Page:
CONWAY: And it's a big number and -- that's right.
BERMAN: Which is the first time since 2000. That's a great number too.
CONWAY: That's right, which means -- which means that job security and job availability go hand in hand.
BERMAN: Were the job --
CONWAY: Because that's -- that's --
BERMAN: Were the job creation numbers at the end of the Obama -- you've created an average of 185,000 --
CONWAY: Those were 3 million jobs.
BERMAN: $185,000 a month since you've come into office. The Obama administration, the last 16 months, $215,000. Were those numbers as good in your mind?
CONWAY: Well, John, we -- was that the lowest unemployment rate among African-American, Hispanics and 19 years for women?
BERMAN: No. No. But it was headed that way. I'm just talking about job creation. I'm just talking about job creation.
CONWAY: No, of course not. Was that the -- no, it wasn't headed that way. But it's the second time this hour you've mentioned President Obama. President Trump is in the White House now. He's here and he, over the last year, has made an economy that is booming. The confidence numbers alone, consumer confidence, small business creation confidence --
BERMAN: Very high.
CONWAY: Manufacturers, you had his opponent in the presidential race who's name I don't say on TV anymore who lost. You had her promising to put the coal mining industry out of work. And this president has actually presided over a net creation of mining jobs, jobs in timber, jobs in manufacturing, over 300,000 new manufacturing jobs, over 337,000 new construction jobs. You can't argue with those numbers. And, by the way, nobody should argue with them.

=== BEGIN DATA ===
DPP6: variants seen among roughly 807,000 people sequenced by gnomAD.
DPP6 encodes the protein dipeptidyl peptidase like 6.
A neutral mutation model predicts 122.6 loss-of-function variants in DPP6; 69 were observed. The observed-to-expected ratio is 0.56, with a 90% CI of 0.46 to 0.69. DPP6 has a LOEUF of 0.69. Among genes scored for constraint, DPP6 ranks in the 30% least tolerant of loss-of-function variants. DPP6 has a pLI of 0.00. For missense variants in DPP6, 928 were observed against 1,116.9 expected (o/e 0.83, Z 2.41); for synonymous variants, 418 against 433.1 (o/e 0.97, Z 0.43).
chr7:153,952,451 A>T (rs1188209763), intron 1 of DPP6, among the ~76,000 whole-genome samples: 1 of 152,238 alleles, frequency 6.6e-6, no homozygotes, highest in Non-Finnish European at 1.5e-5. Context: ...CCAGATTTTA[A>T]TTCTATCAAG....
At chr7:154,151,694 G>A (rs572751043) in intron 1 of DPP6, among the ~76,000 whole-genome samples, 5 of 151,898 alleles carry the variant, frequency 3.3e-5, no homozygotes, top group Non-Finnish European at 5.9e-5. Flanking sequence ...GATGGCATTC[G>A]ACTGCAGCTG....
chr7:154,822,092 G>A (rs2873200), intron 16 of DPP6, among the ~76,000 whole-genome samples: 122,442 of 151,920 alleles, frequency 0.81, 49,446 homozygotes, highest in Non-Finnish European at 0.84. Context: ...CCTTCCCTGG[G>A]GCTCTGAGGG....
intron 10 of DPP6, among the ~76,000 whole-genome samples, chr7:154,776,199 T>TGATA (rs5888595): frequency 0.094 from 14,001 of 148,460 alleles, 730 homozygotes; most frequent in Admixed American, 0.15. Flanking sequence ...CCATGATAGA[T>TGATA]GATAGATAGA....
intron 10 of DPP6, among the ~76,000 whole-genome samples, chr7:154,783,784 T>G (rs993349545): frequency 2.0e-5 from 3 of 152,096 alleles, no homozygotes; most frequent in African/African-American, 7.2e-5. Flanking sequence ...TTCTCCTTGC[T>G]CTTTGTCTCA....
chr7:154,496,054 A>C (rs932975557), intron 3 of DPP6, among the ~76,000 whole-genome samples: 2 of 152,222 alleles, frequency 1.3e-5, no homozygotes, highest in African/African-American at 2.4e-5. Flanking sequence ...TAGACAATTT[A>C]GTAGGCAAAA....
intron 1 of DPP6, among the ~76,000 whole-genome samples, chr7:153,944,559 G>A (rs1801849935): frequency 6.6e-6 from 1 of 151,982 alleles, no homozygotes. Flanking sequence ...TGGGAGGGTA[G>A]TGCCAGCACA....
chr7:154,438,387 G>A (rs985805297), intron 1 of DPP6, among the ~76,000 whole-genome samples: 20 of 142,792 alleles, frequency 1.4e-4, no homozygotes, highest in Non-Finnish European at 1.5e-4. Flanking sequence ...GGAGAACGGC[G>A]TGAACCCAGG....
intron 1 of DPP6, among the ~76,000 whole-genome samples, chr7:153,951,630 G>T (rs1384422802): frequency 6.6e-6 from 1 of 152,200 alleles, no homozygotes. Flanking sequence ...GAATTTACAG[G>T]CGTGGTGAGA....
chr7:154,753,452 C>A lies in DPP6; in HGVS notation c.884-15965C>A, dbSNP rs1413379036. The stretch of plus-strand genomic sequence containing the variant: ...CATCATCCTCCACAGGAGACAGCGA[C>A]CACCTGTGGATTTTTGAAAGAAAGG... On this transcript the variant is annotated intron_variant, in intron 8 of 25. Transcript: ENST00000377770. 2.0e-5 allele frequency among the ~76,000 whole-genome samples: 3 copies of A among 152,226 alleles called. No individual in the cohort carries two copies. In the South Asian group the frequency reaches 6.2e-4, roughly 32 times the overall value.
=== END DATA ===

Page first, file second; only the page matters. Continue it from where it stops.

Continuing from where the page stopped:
BERMAN: I'm -- and we are -- we're not arguing -- we're not arguing.
CONWAY: We should always be so happy --
BERMAN: We're not arguing. We're having you on to talk about them and they're --
CONWAY: But the -- but the president goes further than that. BERMAN: And they're great. They're very good.
CONWAY: Anyway, the president goes farther than that, John. This is important.
BERMAN: Hang on. Hang on. Hang on. Hang on. Let' me just say -- let me just say -- let me just say, because of the president's trade policy, the business council yesterday said -- readjusted their job creation forecast down 13 percent. So there are numbers both ways. But the numbers are very, very solid, Kellyanne.
I'm going to run out of time but I want to get to a few more topics because we're lucky to have you this morning.
Why doesn't Kelly Sadler work at the White House anymore?
CONWAY: So, I spoke with Kelly Sadler last night and she no longer works on this complex. And there are a number of open positions throughout the administration for those who wish to submit for them, interview for them. And I think that they match up nicely with different individuals, press and communication skills. In addition, I know that Kelly Sadler had a career in the private sector before she came to serve this president.
BERMAN: Is it because of what she said -- is she no longer working at the White House because of what she said about John McCain?
CONWAY: I literally cannot comment on personnel issues. And I wasn't involved with this specifically. But I will tell you that she no longer works here. And I talked to her and --
BERMAN: Is she going to work in the administration? Are there other administration jobs open to her?
CONWAY: Yes, there are other administration jobs open to her and to others who would like to interview for those jobs. They should definitely submit their -- their credentials.
[08:45:06] BERMAN: So, in your mind, the comments she made about John McCain would not be disqualifying for another administration job?